To visit and medicate a patient was around 25 to 50 cents.
(We're talking on horseback and God knows what voodoo involved.)

And he was paid with all manner of things from boots to cigars to mention a few.

The big ticket item was to deliver a baby.

Anyone want to venture a guess as to how much that cost?
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Old 12-31-2016, 11:40 PM   #34
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Originally Posted by Zagut View Post


You are correct RP. It does act like a saw blade but it really can cut bread paper thin after all these years.

Can you give me a definition of a "normal" serrated bread knife?

I don't know if this knife was originally intended as a bread knife but it's worked for one for the last at least 70+ years I've known to slice bread.

This thing could have had medical uses as it's development and evolved to the kitchen.

My Great Grandfather was a doctor in the Civil War and it could have been something he used in his practice.
With those fine teeth, that could have been used for minor amputations. That was the most common form of military surgery during the Civil War. Hard to think of something that could have been employed in that manner being used to slice bread.
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Old 01-01-2017, 12:05 AM   #35
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Quote:
Originally Posted by Zagut View Post
CakePoet, I'm well versed on keeping rust away from steel/iron.
Oil is a good thing and I believe that's a part of it's history that causes some to think it's nasty and will kill any who encounter it.

Please explain the difference between "Finely Serrated" and "Serrated" to a dumbass like me.



You are correct RP. It does act like a saw blade but it really can cut bread paper thin after all these years.

Can you give me a definition of a "normal" serrated bread knife?

I don't know if this knife was originally intended as a bread knife but it's worked for one for the last at least 70+ years I've known to slice bread.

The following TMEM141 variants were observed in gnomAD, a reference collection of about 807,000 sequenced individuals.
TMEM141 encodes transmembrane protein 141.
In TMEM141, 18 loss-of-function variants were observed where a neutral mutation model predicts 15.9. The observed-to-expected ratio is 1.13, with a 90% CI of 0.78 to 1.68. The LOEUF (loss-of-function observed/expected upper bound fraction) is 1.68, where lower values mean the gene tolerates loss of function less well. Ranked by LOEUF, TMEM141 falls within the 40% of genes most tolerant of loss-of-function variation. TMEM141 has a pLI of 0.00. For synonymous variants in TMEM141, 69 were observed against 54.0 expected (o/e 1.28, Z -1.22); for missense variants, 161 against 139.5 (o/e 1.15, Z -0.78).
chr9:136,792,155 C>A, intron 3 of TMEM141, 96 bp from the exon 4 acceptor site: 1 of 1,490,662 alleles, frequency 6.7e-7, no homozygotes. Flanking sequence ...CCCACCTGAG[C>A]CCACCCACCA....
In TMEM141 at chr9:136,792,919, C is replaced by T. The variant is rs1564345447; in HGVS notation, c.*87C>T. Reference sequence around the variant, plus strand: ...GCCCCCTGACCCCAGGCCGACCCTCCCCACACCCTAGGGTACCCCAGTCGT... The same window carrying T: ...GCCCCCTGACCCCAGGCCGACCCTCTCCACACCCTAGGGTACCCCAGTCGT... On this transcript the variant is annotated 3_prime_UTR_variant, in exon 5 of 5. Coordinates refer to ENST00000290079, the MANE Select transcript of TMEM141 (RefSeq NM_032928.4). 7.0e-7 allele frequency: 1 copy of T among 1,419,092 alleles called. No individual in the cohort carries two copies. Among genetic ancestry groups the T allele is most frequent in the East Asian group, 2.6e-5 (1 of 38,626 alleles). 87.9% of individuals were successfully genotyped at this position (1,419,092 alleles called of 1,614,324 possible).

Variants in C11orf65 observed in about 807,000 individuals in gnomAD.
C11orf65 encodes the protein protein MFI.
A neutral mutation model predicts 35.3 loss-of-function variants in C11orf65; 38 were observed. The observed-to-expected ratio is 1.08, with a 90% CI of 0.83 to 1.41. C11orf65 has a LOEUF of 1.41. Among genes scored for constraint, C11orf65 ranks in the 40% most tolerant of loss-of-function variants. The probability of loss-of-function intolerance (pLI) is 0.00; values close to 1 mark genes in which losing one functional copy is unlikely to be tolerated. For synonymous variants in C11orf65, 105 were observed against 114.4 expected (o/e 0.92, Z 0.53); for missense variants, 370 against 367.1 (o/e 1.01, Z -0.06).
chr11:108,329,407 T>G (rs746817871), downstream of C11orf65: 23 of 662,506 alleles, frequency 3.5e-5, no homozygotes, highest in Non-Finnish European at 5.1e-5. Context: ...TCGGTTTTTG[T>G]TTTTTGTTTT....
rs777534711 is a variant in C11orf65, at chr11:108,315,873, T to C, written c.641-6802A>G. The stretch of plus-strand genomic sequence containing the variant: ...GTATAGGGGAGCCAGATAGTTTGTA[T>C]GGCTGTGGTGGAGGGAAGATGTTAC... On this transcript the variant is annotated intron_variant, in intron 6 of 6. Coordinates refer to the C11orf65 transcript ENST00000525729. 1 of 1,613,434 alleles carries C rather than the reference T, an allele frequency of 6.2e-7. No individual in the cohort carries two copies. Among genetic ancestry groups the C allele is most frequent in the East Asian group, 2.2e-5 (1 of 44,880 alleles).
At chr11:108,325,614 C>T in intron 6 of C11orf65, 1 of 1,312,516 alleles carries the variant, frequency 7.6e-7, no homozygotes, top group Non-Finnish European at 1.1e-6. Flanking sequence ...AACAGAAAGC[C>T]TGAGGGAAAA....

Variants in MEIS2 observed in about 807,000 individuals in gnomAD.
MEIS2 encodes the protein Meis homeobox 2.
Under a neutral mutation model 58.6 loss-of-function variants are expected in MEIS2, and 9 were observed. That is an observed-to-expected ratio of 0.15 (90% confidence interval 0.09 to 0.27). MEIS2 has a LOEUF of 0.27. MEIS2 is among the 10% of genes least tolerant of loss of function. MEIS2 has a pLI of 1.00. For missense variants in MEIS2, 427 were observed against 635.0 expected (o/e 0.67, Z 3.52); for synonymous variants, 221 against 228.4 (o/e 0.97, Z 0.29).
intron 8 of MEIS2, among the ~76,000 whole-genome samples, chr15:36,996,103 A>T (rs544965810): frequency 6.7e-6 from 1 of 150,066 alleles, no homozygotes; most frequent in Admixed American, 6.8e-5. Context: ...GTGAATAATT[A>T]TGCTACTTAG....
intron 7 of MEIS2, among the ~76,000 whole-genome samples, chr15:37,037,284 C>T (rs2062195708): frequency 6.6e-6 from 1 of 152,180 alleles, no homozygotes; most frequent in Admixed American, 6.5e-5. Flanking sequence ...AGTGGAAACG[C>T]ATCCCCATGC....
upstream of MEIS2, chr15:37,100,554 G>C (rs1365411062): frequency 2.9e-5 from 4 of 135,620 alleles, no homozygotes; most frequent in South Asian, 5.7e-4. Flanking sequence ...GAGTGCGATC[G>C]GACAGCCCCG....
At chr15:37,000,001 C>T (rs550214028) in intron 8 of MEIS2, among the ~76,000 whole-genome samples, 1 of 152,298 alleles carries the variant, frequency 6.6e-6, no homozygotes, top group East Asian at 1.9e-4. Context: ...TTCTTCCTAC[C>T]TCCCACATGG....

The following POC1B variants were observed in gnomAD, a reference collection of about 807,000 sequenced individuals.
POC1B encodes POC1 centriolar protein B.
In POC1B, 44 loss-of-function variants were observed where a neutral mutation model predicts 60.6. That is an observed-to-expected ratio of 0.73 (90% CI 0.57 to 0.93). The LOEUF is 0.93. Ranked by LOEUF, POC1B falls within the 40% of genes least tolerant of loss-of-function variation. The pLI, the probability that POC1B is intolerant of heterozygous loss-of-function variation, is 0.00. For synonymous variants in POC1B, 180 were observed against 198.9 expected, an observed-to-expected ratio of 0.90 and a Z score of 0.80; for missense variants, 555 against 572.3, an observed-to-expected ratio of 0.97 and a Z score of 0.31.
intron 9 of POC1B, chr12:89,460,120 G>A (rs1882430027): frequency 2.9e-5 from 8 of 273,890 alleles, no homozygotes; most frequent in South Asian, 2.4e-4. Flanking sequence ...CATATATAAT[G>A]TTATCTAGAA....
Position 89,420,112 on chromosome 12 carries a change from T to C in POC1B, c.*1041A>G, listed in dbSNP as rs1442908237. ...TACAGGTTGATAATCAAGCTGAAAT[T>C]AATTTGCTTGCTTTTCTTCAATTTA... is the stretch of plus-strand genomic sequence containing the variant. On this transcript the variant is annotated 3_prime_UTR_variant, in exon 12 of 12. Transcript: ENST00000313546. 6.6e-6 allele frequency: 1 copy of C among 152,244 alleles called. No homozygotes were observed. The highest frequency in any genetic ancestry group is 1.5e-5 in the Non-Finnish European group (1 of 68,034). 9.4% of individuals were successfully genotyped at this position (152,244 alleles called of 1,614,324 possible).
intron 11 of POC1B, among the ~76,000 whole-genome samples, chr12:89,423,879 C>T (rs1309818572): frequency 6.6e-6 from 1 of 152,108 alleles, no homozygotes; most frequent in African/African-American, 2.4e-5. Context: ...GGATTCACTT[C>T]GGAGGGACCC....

This thing could have had medical uses as it's development and evolved to the kitchen.

My Great Grandfather was a doctor in the Civil War and it could have been something he used in his practice.





Now to really drift this thread off topic....

I have my Great Grandfathers ledgers from the 1870's.

To visit and medicate a patient was around 25 to 50 cents.
(We're talking on horseback and God knows what voodoo involved.)

And he was paid with all manner of things from boots to cigars to mention a few.

The big ticket item was to deliver a baby.

Anyone want to venture a guess as to how much that cost?
I would have to guess that the baby cost at least a chicken.
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Old 01-01-2017, 12:06 AM   #36
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Originally Posted by RPCookin View Post
With those fine teeth, that could have been used for minor amputations. That was the most common form of military surgery during the Civil War. Hard to think of something that could have been employed in that manner being used to slice bread.
And now instead of taking life, that knife is giving life. Can't ask anymore than that of it.
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Old 01-01-2017, 02:24 AM   #37
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Quote:
Originally Posted by Zagut View Post
CakePoet, I'm well versed on keeping rust away from steel/iron.
Oil is a good thing and I believe that's a part of it's history that causes some to think it's nasty and will kill any who encounter it.

Please explain the difference between "Finely Serrated" and "Serrated" to a dumbass like me.



You are correct RP. It does act like a saw blade but it really can cut bread paper thin after all these years.

Can you give me a definition of a "normal" serrated bread knife?